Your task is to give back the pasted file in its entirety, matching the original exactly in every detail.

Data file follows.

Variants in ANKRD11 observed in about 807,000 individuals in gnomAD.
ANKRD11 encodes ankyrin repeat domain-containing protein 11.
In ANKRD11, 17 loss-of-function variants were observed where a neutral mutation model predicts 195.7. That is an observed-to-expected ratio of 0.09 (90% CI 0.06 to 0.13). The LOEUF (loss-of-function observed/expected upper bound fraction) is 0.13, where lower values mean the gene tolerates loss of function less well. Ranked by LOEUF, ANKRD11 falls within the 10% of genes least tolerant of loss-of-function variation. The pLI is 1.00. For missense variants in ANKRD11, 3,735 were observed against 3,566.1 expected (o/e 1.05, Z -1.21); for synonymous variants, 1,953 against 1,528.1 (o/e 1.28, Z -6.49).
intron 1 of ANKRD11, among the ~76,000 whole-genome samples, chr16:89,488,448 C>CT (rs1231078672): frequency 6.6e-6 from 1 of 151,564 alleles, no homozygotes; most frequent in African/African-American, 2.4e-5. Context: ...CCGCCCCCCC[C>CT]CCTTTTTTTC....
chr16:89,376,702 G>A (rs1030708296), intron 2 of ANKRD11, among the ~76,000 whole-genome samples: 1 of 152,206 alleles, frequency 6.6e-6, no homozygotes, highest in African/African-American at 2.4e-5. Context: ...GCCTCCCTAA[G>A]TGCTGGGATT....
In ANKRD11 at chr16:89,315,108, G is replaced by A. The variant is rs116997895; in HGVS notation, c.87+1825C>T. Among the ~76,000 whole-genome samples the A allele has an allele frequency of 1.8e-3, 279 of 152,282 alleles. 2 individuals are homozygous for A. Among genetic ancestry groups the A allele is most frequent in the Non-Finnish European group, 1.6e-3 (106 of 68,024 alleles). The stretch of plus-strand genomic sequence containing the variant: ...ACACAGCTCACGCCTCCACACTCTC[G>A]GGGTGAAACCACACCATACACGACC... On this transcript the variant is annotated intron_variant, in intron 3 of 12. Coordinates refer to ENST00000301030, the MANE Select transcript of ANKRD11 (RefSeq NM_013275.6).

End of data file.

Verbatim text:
Variants in ANKRD11 observed in about 807,000 individuals in gnomAD.
ANKRD11 encodes ankyrin repeat domain-containing protein 11.
In ANKRD11, 17 loss-of-function variants were observed where a neutral mutation model predicts 195.7. That is an observed-to-expected ratio of 0.09 (90% CI 0.06 to 0.13). The LOEUF (loss-of-function observed/expected upper bound fraction) is 0.13, where lower values mean the gene tolerates loss of function less well. Ranked by LOEUF, ANKRD11 falls within the 10% of genes least tolerant of loss-of-function variation. The pLI is 1.00. For missense variants in ANKRD11, 3,735 were observed against 3,566.1 expected (o/e 1.05, Z -1.21); for synonymous variants, 1,953 against 1,528.1 (o/e 1.28, Z -6.49).
intron 1 of ANKRD11, among the ~76,000 whole-genome samples, chr16:89,488,448 C>CT (rs1231078672): frequency 6.6e-6 from 1 of 151,564 alleles, no homozygotes; most frequent in African/African-American, 2.4e-5. Context: ...CCGCCCCCCC[C>CT]CCTTTTTTTC....
chr16:89,376,702 G>A (rs1030708296), intron 2 of ANKRD11, among the ~76,000 whole-genome samples: 1 of 152,206 alleles, frequency 6.6e-6, no homozygotes, highest in African/African-American at 2.4e-5. Context: ...GCCTCCCTAA[G>A]TGCTGGGATT....
In ANKRD11 at chr16:89,315,108, G is replaced by A. The variant is rs116997895; in HGVS notation, c.87+1825C>T. Among the ~76,000 whole-genome samples the A allele has an allele frequency of 1.8e-3, 279 of 152,282 alleles. 2 individuals are homozygous for A. Among genetic ancestry groups the A allele is most frequent in the Non-Finnish European group, 1.6e-3 (106 of 68,024 alleles). The stretch of plus-strand genomic sequence containing the variant: ...ACACAGCTCACGCCTCCACACTCTC[G>A]GGGTGAAACCACACCATACACGACC... On this transcript the variant is annotated intron_variant, in intron 3 of 12. Coordinates refer to ENST00000301030, the MANE Select transcript of ANKRD11 (RefSeq NM_013275.6).